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Re: [IPk] Balance article - full text
>From "Balance", the magazine of the British Diabetic Association, July
Pumping the Insulin
Improved control and freedom from injections, but at what price?
Jenny Bryan looks at tbe pros and cons of insulin pumps
"In our experience, people who use insulin pumps have better
glucose control and feel better in themselves. But we need to show
that there are worthwhile long and short term benefits so that the
NHS will pay for the pumps", explains Sandra Dudley, diabetes
nurse specialist at Harrogate District Hospital.
Optimal glucose control, with minimal swings in levels - just what
insulin pumps are designed to achieve has been shown consistently
to have significant benefits in delaying the onset and slowing the
progression of long term complications of diabetes.
Yet, in the UK, only about 150 people use insulin pumps to treat
their diabetes. This compares with some 50,000 in the USA, where
insurance companies routinely reimburse people for the cost of the
device and the cartridges and infusion kits if their HbA1c is over
seven or they have frequent glucose control problems despite daily
multi-dosing with insulin.
In this country, diabetes specialists must beg and borrow the
£1,000-£2,000 for equipment and £1,000 for disposables per
patient. As a result, NHS pumps generally go to 'last resort
patients' with very poor glucose control. Other, less needy people
have to pay for the equipment themselves.
Different approaches to pumps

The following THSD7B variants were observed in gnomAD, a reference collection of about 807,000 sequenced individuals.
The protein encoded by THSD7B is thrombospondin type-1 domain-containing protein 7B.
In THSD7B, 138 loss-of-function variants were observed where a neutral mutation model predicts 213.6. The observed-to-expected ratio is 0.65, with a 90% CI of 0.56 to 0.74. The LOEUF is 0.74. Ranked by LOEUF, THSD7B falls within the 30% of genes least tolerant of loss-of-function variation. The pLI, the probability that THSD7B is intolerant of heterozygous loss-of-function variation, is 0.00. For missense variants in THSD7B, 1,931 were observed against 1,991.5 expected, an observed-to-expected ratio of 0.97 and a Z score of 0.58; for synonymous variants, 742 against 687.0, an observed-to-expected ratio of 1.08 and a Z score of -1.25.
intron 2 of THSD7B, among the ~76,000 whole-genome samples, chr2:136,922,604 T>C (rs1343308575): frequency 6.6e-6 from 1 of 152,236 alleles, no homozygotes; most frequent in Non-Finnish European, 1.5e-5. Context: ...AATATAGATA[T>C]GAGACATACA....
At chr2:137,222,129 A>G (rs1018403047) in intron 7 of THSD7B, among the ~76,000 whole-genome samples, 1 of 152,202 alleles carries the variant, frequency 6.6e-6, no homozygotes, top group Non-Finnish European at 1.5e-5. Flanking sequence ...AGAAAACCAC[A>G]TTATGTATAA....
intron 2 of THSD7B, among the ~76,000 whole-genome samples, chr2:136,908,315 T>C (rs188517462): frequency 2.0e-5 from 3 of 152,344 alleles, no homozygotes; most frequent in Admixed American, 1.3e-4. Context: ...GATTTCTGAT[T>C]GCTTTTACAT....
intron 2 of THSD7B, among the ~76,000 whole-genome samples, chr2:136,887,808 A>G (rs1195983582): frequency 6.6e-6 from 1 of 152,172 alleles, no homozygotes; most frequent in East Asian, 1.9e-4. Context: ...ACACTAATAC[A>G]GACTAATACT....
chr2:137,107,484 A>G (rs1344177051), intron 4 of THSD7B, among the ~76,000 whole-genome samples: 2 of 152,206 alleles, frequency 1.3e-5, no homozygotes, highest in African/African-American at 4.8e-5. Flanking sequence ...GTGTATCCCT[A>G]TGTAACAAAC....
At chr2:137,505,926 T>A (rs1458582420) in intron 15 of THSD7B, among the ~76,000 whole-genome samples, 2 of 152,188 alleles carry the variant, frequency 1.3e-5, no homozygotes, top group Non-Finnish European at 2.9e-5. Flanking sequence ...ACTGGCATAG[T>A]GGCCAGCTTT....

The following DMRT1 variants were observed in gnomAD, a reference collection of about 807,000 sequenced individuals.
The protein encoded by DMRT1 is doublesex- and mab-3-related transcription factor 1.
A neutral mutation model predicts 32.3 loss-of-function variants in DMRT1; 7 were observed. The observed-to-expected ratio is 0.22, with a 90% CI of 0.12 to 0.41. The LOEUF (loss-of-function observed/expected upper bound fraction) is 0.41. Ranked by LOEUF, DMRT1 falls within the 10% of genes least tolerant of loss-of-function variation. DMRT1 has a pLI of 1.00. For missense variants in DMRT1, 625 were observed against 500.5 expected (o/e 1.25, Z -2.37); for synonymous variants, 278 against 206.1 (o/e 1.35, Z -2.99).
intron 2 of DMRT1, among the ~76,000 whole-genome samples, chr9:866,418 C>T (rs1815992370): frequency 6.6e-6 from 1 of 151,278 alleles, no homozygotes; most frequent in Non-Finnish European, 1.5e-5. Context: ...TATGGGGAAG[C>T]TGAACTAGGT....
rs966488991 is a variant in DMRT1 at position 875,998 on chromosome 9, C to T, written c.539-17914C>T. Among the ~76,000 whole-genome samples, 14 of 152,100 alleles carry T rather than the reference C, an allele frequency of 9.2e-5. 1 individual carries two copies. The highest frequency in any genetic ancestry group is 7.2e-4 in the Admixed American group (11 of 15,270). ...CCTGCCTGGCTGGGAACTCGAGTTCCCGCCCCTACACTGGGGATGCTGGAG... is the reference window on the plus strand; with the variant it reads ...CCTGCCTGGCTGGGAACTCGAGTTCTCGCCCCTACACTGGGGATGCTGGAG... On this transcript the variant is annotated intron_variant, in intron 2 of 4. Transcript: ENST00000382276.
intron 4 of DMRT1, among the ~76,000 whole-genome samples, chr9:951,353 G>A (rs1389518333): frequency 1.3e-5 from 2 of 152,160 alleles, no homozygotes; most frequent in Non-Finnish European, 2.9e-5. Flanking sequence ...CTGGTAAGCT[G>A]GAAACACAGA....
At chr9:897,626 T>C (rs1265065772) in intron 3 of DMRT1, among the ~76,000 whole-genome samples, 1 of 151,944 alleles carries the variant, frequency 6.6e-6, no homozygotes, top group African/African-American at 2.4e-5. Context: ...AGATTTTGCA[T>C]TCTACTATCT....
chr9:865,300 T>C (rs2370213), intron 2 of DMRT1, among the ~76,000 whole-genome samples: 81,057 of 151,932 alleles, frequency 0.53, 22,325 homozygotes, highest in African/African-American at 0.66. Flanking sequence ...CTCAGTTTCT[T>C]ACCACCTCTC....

There are two types of pumps: continuous subcutaneous
insulin infusion (CSII) pumps and implantable insulin
infusion (IPII) pumps. Both pumps have shown improved
and stable blood glucose con~ trol compared to injection
regimes. Optimal glucose control with minimal
fluctuations, has consistently shown significant
benefits in slowing the onset/progression of longterm
diabetic complications such as eye and heart disease,
nerve and kidney damage.
IP11 pumps are in limited use and still under
development as part of extended clinical trials, so this
article concentrates on the use of CSII pumps.
Singing their praises
But pump users consistently say how much better they
feel, even when their blood glucose was previously
relatively well controlled with injections.
Opera singer, John Neale describes his life as pre- and
post-pump. "I always had moderately good control of my
diabetes and I never turned up in Accident and
Emergency. But I didn't have very good night time
control and I often woke up feeling tired and
depressed," he explains.
Now, he wakes up alert and ready to go in the morning,
and the change in his mood when he started using a pump
18 months ago was so noticeable that colleagues at work
asked what had happened to him.
"What I see as a bad day now was a good day before. I
also lost weight, my acne cleared up and my athlete's
foot and thrush went for good," says John.
Most importantly, from a career perspective, his voice
made the transition from baritone to tenor. "I had
started to hit what we call vocal crisis and it appeared
that my voice needed to move from baritone to tenor. But
it wasn't well balanced and there were problems. Once I
got my diabetes under better control with the pump, I
made the change to tenor," he explains.
Student, Eleanor Biddle, tells a similar story of
tighter glucose control, more energy and a general sense
of feeling more motivated about life since she switched
to an insulin pump 12 months ago.
She has to think long and hard for any disadvantages:
"At first, I wasn't sure about having to carry the pump
everywhere with me, but I don't notice it now, any more
than I do carrying a handbag. I just put it in the back
pocket of my jeans or, if I'm wearing a skirt, in a
pouch on my leg."
The advantages and disadvantages of insulin pumps,
according to users.
* Tighter glucose control, with potential for reduced
complications of diabetes
* Improved well being
* Small weight loss
* Relief of diabetes-related symptoms, eg thrush
* Potential for cost savings in hospitalisation and
need for medical care
* Continued reliance on external device
* Need to change insulin cartridges/infusion sets
* Blood glucose tests four times a day